Fortescue Metals says it sees significant global opportunities in the electrification of heavy transport following its purchase of Williams Advanced Engineering, far beyond plans for electric trains and electric trucks in its own operations.
The $310 million purchase of the engineering offshoot of the famed Williams F1 racing team gives access to multiple technologies, including advanced battery and management systems, EV drivetrains and even specialised sporting equipment.
But while the development of an EV drivetrain could be adopted by the likes of luxury car brands such as Lotus and Jaguar, Fortescue itself says its focus will be on electrification of its own heavy transport and machinery, and the vast global market that will emerge, rather than making electric cars.
“Fortescue and Williams Advanced Engineering will develop battery electric solutions for Fortescue’s rail, mobile or fleet and other heavy mining equipment to accelerate the rapid abatement of diesel usage across our operations,” outgoing CEO Elizabeth Gaines told journalists in the quarterly market briefing on Tuesday.
“And, as the world transitions, the potential market for WAE’s technology and engineering capability is very significant, and that will extend beyond the decarbonisation of Fortescue.”
The development of an EV drivetrain last year also potentially gives Fortescue access to an EV manufacturing opportunity, in the same way it has plans for a 2GW hydrogen electrolyser factory in Queensland through its joint venture with Plug Share, and a potential thin film solar facility.
But Gaines, in response to a question from RenewEconomy, said that the focus, at least initially, is on the “huge” global heavy industry sector.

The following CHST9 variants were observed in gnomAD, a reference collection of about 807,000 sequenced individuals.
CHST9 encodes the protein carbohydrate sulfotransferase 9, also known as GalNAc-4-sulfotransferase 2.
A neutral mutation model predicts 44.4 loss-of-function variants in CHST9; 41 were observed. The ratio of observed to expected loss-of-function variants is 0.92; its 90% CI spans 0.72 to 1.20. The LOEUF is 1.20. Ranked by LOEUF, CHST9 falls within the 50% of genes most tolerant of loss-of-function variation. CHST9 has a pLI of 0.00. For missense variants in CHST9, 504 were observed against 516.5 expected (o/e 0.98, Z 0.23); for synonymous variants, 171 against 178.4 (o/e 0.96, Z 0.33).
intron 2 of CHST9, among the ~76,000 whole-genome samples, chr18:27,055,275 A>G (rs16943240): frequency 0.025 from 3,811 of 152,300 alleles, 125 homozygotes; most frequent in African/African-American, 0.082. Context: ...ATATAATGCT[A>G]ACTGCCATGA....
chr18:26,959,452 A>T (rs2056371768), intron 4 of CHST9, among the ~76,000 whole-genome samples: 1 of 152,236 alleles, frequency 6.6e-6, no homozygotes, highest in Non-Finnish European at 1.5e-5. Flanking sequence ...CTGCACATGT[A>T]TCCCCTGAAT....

“Think about the number of heavy industry vehicles operating globally,” she said. “There is a significant market.
“So I don’t think we’re necessarily focused on passenger is EVs at the moment, the heavy industry opportunity is significant, not only for our internal decarbonisation, but the commercialization of that technology is is a significant opportunity.”
The other new announcement – the latest in a string of actual and potential green hydrogen and other technology deals over the past six months from Fortescue and its now 700-strong Fortescue Future Industries subsidiary – is the signing of an MOU last Friday with Sinosteel.
That MOU aims to complete a rapid appraisal of the potentially massive Midwest magnetite project, that could include a renewable energy and green hydrogen hub at nearby Oakajee, north of Geraldton, where the state government also has plans for green energy.
Asked about the potential scale of this project, Gaines said it was too early to say: “The scale of the iron ore opportunity will help to determine the energy requirement costs, and also the opportunity for further exports of energy as well.”
The state government has previously called for expressions of interest for a 1.5GW facility, but there are multiple different, and even bigger project proposals, in the surrounding areas.
Fortescue chairman Andrew Forrest has announced he wants his company to produce around 15 million tonnes of green hydrogen a year by 2030, although it could turn out that the chosen delivery system is as ammonia, depending on the customer.
If it was in the form of hydrogen, those plans would require more than 200GW of new wind and solar capacity – in Australia or around the world – to produce that amount. Even in the form of ammonia, it would require more than 50GW.
Last December, Fortescue and Incitec Pivot announced plans to replace fossil fuel ammonia with renewable ammonia to save the latter’s Brisbane ammonia facility. They said the 300,000 tonnes of green ammonia would require around 1,000MW of wind and solar capacity.